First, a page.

Two summers ago, we were living in the Ronald McDonald House and Sam had a morning bone marrow biopsy scheduled. These required that Sam be "NPO," which is hospital-speak for "starve your kid." His NPO started at 5:30am, I believe. Anyway, the point of this is that Sam was so worried about not eating that he wanted me to wake him up at 4:15am (his choice of time) so that he could "eat a little something" and then go back to sleep.
I think he was testing me.
But I took the challenge, and I set an alarm for 4:15am. And I remember doing a lot of exaggerated moaning and groaning about how much I must love him to get up so early...and then I tagged the alarm with "I love Sam."
And then when the alarm went off at the ridiculous hour of 4:15am, he groggily asked if I could try again at 5am.
So I, ever the loving mother, set another alarm for 5:00am. This one I tagged with "I love Sam even more." If you're keeping score at home, he didn't want to get up then either.
I'm one of those people who keeps all the alarms in her phone. I figure they might come in handy another time, so as not to have to make new ones. So those alarms, for 4:15am and 5:00am, are still there.
Yesterday, I got up at 4:15am.
"I love Sam."
I thought it was entirely fitting, since I got up at 4:15am to catch an early flight to Washington, D.C., where I visited four Congressional offices. In each one of them, I explained that I was there because my 6-year-old son Sam was diagnosed with leukemia and he died only 18 months later. I reminded them that the statistics about survival rates for childhood cancer are more than just smiling bald kids and that Sam wasn't lucky. And I reminded them that even the "lucky ones" are impacted by years of medical fragility and have challenges with access to the care they need. I reminded them of the upcoming appropriations for the National Institutes of Health and the National Cancer Institute and I begged them to give as much money as possible for cancer research. And I asked each of them to sign on as sponsors of the STAR Act, (you can read more about it here) which, amongst other things, asks for a pediatric oncologist to sit on the National Cancer Advisory Board.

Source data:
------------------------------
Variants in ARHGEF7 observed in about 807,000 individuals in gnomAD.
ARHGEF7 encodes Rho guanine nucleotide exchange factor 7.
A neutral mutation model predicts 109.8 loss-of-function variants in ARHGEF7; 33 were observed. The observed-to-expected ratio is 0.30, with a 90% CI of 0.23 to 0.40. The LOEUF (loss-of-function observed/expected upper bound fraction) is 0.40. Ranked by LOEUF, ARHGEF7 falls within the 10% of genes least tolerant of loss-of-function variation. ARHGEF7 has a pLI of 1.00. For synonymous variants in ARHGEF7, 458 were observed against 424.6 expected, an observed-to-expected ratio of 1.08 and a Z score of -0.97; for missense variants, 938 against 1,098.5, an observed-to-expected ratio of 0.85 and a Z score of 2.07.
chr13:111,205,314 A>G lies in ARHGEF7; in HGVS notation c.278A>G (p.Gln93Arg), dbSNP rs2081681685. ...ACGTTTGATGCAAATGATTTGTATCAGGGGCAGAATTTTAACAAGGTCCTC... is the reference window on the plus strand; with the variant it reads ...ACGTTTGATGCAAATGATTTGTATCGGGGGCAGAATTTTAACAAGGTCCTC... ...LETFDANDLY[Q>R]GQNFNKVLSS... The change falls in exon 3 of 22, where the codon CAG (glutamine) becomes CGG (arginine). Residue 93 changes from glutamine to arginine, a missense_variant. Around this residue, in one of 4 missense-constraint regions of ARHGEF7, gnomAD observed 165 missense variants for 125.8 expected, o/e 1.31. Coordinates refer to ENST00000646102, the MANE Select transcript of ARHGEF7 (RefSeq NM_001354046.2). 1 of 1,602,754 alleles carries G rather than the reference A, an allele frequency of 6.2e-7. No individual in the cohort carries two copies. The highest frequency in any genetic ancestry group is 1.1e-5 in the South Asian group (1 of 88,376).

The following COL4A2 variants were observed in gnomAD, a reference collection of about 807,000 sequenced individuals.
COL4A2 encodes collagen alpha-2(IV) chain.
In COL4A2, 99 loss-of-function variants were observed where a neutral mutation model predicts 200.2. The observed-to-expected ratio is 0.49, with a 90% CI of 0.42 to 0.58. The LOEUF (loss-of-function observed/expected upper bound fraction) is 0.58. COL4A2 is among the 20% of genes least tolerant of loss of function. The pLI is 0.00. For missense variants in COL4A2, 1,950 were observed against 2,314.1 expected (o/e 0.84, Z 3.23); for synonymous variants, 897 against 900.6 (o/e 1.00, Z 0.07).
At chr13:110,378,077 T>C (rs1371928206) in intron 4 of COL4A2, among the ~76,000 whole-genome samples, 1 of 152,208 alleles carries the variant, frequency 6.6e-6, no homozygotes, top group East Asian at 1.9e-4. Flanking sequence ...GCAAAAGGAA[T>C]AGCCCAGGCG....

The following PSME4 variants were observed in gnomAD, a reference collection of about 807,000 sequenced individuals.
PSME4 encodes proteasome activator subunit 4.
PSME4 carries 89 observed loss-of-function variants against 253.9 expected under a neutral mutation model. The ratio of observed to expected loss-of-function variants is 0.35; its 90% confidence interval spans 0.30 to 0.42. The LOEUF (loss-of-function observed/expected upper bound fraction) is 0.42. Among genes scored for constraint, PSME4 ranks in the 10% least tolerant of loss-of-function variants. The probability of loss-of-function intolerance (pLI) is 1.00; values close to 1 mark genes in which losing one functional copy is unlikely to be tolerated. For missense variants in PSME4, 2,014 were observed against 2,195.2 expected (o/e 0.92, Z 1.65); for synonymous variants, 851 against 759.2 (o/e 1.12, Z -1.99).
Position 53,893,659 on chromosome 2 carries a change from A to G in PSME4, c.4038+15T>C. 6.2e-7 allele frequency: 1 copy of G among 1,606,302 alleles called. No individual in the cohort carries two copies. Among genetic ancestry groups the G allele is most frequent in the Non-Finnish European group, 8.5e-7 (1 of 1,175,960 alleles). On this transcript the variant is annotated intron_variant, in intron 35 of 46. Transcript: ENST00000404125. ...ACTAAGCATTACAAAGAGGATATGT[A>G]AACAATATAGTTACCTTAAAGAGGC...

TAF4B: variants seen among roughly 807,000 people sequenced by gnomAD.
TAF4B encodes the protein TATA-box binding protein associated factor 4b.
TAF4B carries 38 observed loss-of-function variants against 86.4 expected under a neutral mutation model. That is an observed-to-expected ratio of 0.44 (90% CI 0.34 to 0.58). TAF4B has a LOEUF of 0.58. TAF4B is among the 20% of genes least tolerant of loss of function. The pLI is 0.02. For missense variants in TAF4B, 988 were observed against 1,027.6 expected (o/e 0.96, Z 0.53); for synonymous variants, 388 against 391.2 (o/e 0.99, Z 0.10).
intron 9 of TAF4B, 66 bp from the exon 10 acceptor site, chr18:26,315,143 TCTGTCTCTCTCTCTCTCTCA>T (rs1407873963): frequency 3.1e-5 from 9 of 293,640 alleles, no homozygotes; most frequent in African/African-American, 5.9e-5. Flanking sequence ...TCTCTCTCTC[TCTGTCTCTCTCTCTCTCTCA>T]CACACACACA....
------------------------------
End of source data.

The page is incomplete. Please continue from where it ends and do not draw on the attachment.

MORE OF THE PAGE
Washington was bright and hot and didn't feel like Sam at all.
No feathers or turtles popped up along my way.
But all throughout the day, I felt a warm ball of pride that I could say Sammy's name over and over again in the halls of our government offices. He didn't even have a chance to vote, let alone run for office (He probably would have made a phenomenal politician. He had mad negotiating skillz.) but he was there with me, pressing me forward and lifting my steps.
If Sammy taught us nothing else, he certainly taught us that one person CAN make a difference.
Do you want to do more? Read here for how you can #StepUp to help make childhood cancer a national priority.
Three years ago....Checklists and PomPoms
Two years ago....Leaky Bubble
One year ago....Instead